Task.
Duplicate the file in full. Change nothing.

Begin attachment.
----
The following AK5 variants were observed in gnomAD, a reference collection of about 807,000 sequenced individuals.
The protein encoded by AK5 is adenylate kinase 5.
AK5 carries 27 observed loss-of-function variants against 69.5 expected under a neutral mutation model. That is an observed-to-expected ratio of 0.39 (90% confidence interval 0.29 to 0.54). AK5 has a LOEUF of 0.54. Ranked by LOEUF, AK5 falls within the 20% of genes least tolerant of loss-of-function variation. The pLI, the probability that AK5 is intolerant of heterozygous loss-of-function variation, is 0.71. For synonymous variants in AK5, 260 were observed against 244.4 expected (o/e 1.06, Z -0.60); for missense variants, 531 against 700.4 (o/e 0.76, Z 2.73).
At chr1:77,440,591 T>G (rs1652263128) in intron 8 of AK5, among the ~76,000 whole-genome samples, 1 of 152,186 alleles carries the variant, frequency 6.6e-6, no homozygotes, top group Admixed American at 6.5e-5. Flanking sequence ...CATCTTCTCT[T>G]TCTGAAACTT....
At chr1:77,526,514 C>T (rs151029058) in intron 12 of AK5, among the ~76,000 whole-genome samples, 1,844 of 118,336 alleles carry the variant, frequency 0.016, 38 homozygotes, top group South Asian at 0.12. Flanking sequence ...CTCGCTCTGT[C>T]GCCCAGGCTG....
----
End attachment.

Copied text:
The following AK5 variants were observed in gnomAD, a reference collection of about 807,000 sequenced individuals.
The protein encoded by AK5 is adenylate kinase 5.
AK5 carries 27 observed loss-of-function variants against 69.5 expected under a neutral mutation model. That is an observed-to-expected ratio of 0.39 (90% confidence interval 0.29 to 0.54). AK5 has a LOEUF of 0.54. Ranked by LOEUF, AK5 falls within the 20% of genes least tolerant of loss-of-function variation. The pLI, the probability that AK5 is intolerant of heterozygous loss-of-function variation, is 0.71. For synonymous variants in AK5, 260 were observed against 244.4 expected (o/e 1.06, Z -0.60); for missense variants, 531 against 700.4 (o/e 0.76, Z 2.73).
At chr1:77,440,591 T>G (rs1652263128) in intron 8 of AK5, among the ~76,000 whole-genome samples, 1 of 152,186 alleles carries the variant, frequency 6.6e-6, no homozygotes, top group Admixed American at 6.5e-5. Flanking sequence ...CATCTTCTCT[T>G]TCTGAAACTT....
At chr1:77,526,514 C>T (rs151029058) in intron 12 of AK5, among the ~76,000 whole-genome samples, 1,844 of 118,336 alleles carry the variant, frequency 0.016, 38 homozygotes, top group South Asian at 0.12. Flanking sequence ...CTCGCTCTGT[C>T]GCCCAGGCTG....